Friday, August 10, 2007

Hold That Thought!

Does talking with your hands reflect mastery of a concept, or help students gain mastery of a concept? According to the Washington Post: "Teachers who use gestures as they explain a concept -- such as the hand sweeps that [grad student Susan] Cook uses to emphasize an equation's symmetry -- are more successful at getting their ideas across, research has shown. And students who spontaneously gesture as they work through new ideas tend to remember them longer than those who do not move their hands.

Now Cook's work with elementary schoolchildren is helping to find out whether the gesturing done spontaneously by many quick learners is simply a reflection of the fact that they are "getting it" or is actively helping them learn. ...

"Everyone gestures," said Cook, a postdoctoral student at the University of Rochester, deferring at first on the Italian question. "People start gesturing before they can talk, and they keep gesturing for their entire lives."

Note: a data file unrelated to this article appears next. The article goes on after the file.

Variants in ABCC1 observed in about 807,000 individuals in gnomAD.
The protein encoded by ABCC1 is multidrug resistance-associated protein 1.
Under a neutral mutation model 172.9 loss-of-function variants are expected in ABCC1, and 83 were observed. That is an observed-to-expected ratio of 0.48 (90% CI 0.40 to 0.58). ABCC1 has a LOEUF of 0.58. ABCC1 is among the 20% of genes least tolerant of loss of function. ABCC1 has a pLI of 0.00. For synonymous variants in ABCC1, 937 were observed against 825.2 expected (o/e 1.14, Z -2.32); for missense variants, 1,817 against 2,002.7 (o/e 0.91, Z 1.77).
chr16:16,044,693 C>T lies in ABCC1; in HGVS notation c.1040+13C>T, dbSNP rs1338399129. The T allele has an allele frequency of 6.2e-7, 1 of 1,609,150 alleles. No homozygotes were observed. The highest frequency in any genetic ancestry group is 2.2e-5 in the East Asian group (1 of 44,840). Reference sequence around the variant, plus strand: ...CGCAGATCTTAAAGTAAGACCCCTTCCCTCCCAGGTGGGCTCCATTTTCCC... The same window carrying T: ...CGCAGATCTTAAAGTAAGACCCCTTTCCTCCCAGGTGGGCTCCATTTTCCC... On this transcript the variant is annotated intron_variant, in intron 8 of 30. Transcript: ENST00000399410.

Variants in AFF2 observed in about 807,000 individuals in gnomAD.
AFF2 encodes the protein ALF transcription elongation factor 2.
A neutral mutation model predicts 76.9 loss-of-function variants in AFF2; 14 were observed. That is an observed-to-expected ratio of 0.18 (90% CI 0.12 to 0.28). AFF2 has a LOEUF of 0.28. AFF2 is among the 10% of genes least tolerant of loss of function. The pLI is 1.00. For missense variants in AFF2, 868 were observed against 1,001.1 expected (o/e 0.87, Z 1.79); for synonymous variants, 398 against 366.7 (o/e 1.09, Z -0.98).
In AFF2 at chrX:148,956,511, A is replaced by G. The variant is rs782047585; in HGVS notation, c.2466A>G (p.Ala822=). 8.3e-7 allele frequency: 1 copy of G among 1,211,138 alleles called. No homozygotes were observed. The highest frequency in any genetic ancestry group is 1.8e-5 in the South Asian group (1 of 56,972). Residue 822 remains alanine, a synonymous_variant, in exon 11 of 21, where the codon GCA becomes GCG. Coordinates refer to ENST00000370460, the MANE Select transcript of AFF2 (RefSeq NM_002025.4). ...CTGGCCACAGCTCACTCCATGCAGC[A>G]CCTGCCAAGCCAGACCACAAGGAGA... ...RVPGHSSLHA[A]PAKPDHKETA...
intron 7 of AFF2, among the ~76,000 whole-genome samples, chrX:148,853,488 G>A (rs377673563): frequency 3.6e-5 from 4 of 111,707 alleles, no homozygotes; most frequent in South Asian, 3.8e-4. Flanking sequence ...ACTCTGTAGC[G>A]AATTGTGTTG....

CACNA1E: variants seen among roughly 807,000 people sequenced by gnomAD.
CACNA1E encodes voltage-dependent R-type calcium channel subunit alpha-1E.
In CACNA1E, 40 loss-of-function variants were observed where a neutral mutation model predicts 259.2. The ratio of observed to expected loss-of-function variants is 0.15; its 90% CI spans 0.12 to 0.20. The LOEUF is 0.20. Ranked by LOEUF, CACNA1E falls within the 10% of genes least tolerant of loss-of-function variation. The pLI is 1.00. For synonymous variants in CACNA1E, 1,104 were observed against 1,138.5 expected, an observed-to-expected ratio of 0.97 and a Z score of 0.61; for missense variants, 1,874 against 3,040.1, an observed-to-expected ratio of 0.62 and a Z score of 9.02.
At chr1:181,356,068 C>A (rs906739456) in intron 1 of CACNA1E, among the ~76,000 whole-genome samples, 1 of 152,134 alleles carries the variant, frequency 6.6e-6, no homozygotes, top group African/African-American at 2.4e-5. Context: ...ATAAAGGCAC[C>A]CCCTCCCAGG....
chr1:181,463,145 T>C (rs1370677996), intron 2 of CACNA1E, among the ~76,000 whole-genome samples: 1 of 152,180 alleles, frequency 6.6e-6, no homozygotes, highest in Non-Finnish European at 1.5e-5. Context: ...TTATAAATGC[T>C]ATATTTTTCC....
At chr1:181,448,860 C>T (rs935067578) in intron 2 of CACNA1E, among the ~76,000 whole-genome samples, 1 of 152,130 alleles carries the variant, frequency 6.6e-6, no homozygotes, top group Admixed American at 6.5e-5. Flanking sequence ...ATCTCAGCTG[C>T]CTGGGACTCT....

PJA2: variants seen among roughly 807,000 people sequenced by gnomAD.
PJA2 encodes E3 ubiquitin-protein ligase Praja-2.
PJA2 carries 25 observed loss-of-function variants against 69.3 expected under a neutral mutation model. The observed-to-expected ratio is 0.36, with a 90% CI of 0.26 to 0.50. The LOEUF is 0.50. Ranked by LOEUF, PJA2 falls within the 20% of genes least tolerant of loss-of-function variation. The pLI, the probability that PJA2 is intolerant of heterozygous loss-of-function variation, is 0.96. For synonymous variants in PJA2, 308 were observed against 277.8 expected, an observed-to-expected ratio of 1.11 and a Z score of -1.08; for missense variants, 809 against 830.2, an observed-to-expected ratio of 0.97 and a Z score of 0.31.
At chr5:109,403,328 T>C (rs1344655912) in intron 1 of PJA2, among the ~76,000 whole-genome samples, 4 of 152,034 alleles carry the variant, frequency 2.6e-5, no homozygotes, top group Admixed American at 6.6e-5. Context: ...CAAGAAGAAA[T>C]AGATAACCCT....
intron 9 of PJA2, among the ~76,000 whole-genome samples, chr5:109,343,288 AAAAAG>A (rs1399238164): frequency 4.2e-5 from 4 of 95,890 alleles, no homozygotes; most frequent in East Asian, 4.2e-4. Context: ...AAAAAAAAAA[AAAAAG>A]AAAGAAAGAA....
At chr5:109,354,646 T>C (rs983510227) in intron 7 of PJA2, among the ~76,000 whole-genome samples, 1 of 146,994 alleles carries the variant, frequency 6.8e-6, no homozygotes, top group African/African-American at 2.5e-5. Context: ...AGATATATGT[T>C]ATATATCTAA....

Even blind people gesture when they talk, as do people chatting on telephones -- proof that gesturing is not necessarily for the person who is listening."

I find this interesting not only because I constantly talk with my hands, but also because of a recent article I've read regarding study of Al Sayyid Bedouin Sign Language, a sophisticated gesture language created by and used only in the town of Al Sayyid in Israel's Negev desert, a town with a large percentage of congenitally deaf inhabitants. The language seems to have developed on it's own in the last 70 years, presumably when the number of deaf people reached some sort of critical mass, and is quickly being replaced by official Israeli Sign Language as the Al Sayyid children go to school outside the village.

It makes intuitive sense to me that gesturing is a vital component of learning and communicating. That's really the point of taking lecture notes, isn't it? Using the physical movement of the writing hand to help cement the concept you're already getting by ear and, hopefully, eye? And what a boon for the VSL student if all teachers are trained to use appropriate gesture along with their lessons!

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